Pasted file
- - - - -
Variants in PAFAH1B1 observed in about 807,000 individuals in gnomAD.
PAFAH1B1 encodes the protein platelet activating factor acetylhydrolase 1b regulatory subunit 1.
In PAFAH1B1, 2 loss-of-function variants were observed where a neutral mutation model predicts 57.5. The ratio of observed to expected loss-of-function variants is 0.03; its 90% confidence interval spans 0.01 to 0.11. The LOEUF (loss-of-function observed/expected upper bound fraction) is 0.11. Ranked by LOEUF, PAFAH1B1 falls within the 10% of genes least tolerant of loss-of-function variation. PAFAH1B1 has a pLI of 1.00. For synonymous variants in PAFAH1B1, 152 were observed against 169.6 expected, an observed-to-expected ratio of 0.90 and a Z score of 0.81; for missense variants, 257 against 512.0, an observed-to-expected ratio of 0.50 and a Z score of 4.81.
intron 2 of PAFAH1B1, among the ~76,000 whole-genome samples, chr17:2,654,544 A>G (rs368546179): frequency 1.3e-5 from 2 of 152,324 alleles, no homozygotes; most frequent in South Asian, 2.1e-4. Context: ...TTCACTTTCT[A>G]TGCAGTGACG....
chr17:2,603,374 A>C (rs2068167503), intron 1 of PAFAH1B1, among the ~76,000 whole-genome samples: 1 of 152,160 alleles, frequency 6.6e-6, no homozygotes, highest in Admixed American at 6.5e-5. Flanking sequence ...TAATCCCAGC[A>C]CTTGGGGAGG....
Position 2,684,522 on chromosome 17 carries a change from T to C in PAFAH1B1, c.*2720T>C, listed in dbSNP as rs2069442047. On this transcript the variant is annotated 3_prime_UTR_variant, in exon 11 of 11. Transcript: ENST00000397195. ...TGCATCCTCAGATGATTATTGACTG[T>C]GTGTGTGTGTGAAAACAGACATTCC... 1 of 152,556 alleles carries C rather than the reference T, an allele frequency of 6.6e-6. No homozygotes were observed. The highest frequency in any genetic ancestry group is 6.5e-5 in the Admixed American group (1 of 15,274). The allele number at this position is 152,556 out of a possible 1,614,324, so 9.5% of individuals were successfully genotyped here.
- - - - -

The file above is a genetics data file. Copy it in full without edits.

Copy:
Variants in PAFAH1B1 observed in about 807,000 individuals in gnomAD.
PAFAH1B1 encodes the protein platelet activating factor acetylhydrolase 1b regulatory subunit 1.
In PAFAH1B1, 2 loss-of-function variants were observed where a neutral mutation model predicts 57.5. The ratio of observed to expected loss-of-function variants is 0.03; its 90% confidence interval spans 0.01 to 0.11. The LOEUF (loss-of-function observed/expected upper bound fraction) is 0.11. Ranked by LOEUF, PAFAH1B1 falls within the 10% of genes least tolerant of loss-of-function variation. PAFAH1B1 has a pLI of 1.00. For synonymous variants in PAFAH1B1, 152 were observed against 169.6 expected, an observed-to-expected ratio of 0.90 and a Z score of 0.81; for missense variants, 257 against 512.0, an observed-to-expected ratio of 0.50 and a Z score of 4.81.
intron 2 of PAFAH1B1, among the ~76,000 whole-genome samples, chr17:2,654,544 A>G (rs368546179): frequency 1.3e-5 from 2 of 152,324 alleles, no homozygotes; most frequent in South Asian, 2.1e-4. Context: ...TTCACTTTCT[A>G]TGCAGTGACG....
chr17:2,603,374 A>C (rs2068167503), intron 1 of PAFAH1B1, among the ~76,000 whole-genome samples: 1 of 152,160 alleles, frequency 6.6e-6, no homozygotes, highest in Admixed American at 6.5e-5. Flanking sequence ...TAATCCCAGC[A>C]CTTGGGGAGG....
Position 2,684,522 on chromosome 17 carries a change from T to C in PAFAH1B1, c.*2720T>C, listed in dbSNP as rs2069442047. On this transcript the variant is annotated 3_prime_UTR_variant, in exon 11 of 11. Transcript: ENST00000397195. ...TGCATCCTCAGATGATTATTGACTG[T>C]GTGTGTGTGTGAAAACAGACATTCC... 1 of 152,556 alleles carries C rather than the reference T, an allele frequency of 6.6e-6. No homozygotes were observed. The highest frequency in any genetic ancestry group is 6.5e-5 in the Admixed American group (1 of 15,274). The allele number at this position is 152,556 out of a possible 1,614,324, so 9.5% of individuals were successfully genotyped here.